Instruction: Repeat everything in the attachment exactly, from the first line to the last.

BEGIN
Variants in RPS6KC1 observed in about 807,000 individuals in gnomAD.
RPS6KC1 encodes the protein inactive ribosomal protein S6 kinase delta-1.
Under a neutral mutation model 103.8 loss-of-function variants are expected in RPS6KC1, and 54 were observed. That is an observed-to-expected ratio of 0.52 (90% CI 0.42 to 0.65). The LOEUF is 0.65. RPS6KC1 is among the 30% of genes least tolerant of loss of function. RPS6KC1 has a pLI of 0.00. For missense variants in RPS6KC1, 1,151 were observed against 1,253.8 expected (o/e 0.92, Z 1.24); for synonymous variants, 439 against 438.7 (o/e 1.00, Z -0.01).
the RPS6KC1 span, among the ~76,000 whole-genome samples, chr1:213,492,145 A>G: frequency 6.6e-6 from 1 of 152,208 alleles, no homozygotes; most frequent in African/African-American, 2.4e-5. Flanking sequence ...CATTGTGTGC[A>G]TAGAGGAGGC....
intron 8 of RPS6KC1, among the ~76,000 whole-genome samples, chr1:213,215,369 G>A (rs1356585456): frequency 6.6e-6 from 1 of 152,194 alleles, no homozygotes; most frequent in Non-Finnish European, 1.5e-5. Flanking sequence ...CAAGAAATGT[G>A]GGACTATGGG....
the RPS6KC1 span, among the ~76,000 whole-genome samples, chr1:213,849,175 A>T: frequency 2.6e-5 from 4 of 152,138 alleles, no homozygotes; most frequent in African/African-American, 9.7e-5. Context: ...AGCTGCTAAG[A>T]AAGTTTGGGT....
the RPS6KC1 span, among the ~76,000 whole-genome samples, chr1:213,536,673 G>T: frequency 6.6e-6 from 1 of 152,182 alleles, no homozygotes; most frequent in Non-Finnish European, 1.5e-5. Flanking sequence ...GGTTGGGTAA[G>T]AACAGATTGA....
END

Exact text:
Variants in RPS6KC1 observed in about 807,000 individuals in gnomAD.
RPS6KC1 encodes the protein inactive ribosomal protein S6 kinase delta-1.
Under a neutral mutation model 103.8 loss-of-function variants are expected in RPS6KC1, and 54 were observed. That is an observed-to-expected ratio of 0.52 (90% CI 0.42 to 0.65). The LOEUF is 0.65. RPS6KC1 is among the 30% of genes least tolerant of loss of function. RPS6KC1 has a pLI of 0.00. For missense variants in RPS6KC1, 1,151 were observed against 1,253.8 expected (o/e 0.92, Z 1.24); for synonymous variants, 439 against 438.7 (o/e 1.00, Z -0.01).
the RPS6KC1 span, among the ~76,000 whole-genome samples, chr1:213,492,145 A>G: frequency 6.6e-6 from 1 of 152,208 alleles, no homozygotes; most frequent in African/African-American, 2.4e-5. Flanking sequence ...CATTGTGTGC[A>G]TAGAGGAGGC....
intron 8 of RPS6KC1, among the ~76,000 whole-genome samples, chr1:213,215,369 G>A (rs1356585456): frequency 6.6e-6 from 1 of 152,194 alleles, no homozygotes; most frequent in Non-Finnish European, 1.5e-5. Flanking sequence ...CAAGAAATGT[G>A]GGACTATGGG....
the RPS6KC1 span, among the ~76,000 whole-genome samples, chr1:213,849,175 A>T: frequency 2.6e-5 from 4 of 152,138 alleles, no homozygotes; most frequent in African/African-American, 9.7e-5. Context: ...AGCTGCTAAG[A>T]AAGTTTGGGT....
the RPS6KC1 span, among the ~76,000 whole-genome samples, chr1:213,536,673 G>T: frequency 6.6e-6 from 1 of 152,182 alleles, no homozygotes; most frequent in Non-Finnish European, 1.5e-5. Flanking sequence ...GGTTGGGTAA[G>T]AACAGATTGA....